All I can say is that these cases so far are a joke as far as how they have been handled by digital illiterate lawyers and we all want the truth, and we want accuracy but again as I mentioned above, the case against Sergey was never done correctly and the pending new case is also a joke. Lawyers are smart and do their research for sure, but unless they code, this is way out of their realm as you never know when you will get an “expert” that will lie to make a case. Everyone complains about this whether it’s a court case or that IT folks lie to them at some company or a bank. Some do lie and in other cases it’s a matter of trying to tell the layman what the cause of a very complex issue is and you do have to make up some analogies that they can understand as otherwise they will never get it. I’ve done that in a good way to help educate so they understand but if you were to look at some of the analogies I have used in the past, someone could take that out of context and call it a lie as well.
That’s what makes all of this so bad and again we are just suffering like crazy by not having a technologist at the top of the helm at the SEC. Old digital illiterate lawyers believe whatever technologists happen to be on hand and their interpretations are all different as well as different work and education backgrounds will provide that alone. Being the fact that the two being prosecuted were traders, well I would imagine they were just making some pretty good guesses at what to put in Drop Box, as their expertise is more about dealing with spreadsheets and analytics than code and programming (grin). All I can say is here we go again with the digital illits in a court case and they better get it right this time as the whole technology world is watching and laughing. BD
The top prosecutor in Manhattan is seeking to indict three men for allegedly stealing valuable computer source code from an automated trading firm, according to people familiar with the matter.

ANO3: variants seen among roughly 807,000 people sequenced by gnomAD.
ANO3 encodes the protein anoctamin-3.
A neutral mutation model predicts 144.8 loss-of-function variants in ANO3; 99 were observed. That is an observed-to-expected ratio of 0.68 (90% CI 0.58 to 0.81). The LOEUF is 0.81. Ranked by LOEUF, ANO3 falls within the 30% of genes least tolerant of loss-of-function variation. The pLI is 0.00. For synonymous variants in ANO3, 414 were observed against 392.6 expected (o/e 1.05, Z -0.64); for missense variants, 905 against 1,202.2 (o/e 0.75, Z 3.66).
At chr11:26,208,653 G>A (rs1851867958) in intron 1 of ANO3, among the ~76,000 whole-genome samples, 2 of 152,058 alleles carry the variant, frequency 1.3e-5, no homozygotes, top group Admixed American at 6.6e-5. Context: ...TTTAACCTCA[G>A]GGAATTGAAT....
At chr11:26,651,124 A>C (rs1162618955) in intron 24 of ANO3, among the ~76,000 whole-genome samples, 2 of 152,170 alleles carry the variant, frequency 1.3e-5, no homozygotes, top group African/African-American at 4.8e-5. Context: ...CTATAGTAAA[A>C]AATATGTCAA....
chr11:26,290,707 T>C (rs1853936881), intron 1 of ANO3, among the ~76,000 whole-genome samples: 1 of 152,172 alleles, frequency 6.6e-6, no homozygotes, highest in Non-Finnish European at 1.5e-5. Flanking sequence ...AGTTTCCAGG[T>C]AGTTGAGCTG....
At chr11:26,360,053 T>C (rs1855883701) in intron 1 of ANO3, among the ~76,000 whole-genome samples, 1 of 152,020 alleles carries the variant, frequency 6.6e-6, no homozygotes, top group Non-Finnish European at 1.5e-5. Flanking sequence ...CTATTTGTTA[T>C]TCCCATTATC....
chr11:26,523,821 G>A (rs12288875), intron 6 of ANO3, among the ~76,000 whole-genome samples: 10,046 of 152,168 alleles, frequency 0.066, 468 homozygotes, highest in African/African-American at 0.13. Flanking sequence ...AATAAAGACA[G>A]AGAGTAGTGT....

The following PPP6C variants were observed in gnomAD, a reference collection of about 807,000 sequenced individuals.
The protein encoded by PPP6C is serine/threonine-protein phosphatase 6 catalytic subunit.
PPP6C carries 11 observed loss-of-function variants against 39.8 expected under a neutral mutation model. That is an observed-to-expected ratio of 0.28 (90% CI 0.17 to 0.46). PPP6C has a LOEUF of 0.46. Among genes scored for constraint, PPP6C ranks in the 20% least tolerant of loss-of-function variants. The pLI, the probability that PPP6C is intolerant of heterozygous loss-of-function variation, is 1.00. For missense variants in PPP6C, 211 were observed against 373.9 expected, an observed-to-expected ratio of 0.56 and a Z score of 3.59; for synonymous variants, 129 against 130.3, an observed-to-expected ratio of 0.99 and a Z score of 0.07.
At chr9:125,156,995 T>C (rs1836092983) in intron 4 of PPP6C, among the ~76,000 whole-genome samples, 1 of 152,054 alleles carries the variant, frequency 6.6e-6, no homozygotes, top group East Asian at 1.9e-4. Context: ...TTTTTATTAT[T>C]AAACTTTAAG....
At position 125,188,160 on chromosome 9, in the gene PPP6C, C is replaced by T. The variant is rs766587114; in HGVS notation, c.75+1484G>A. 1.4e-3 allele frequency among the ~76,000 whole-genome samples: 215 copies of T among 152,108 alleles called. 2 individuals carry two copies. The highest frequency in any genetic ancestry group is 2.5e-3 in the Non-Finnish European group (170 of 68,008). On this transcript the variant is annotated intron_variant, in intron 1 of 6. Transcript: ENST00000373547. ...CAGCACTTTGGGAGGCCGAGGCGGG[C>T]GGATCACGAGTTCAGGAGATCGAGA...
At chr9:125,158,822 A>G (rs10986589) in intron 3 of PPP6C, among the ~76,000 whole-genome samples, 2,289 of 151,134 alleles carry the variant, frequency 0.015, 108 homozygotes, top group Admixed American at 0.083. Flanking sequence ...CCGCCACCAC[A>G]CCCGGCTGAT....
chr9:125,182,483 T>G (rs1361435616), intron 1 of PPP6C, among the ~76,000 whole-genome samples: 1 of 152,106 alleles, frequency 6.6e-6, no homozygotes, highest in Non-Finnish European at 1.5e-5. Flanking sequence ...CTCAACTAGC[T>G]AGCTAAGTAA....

A criminal complaint filed by Manhattan District Attorney Cyrus Vance Jr. in New York and seen by The Wall Street Journal alleges that Glen Cressman and Jason Vuu, who worked as traders at Flow Traders US LLC in New York, emailed themselves lines of code that contained secret algorithms at the heart of the firm's high-frequency trading strategy.
Mr. Vuu shared the code with Simon Lu, a college friend from the Massachusetts Institute of Technology, through the file-storage service Dropbox, according to the complaint, which accuses the two men of planning to use the secret software to start their own company. Mr. Lu, currently a Ph.D. candidate in mechanical engineering at Carnegie Mellon University in Pittsburgh, was studying there when he allegedly received the stolen code.
Mr. Vuu's attorney, Jeremy Saland, said he doesn't believe any harm was done to Flow Traders and is still looking into the facts. "I look forward to defending these accusations," he said Sunday.
After searching Mr. Lu's computers, investigators discovered that some of the computer code allegedly stolen from Flow Traders had been manipulated, leading investigators to believe that Mr. Lu had taken steps toward launching his own high-frequency trading platform, according to a person familiar with the matter. Messrs. Lu and Vuu had not set up their own firm.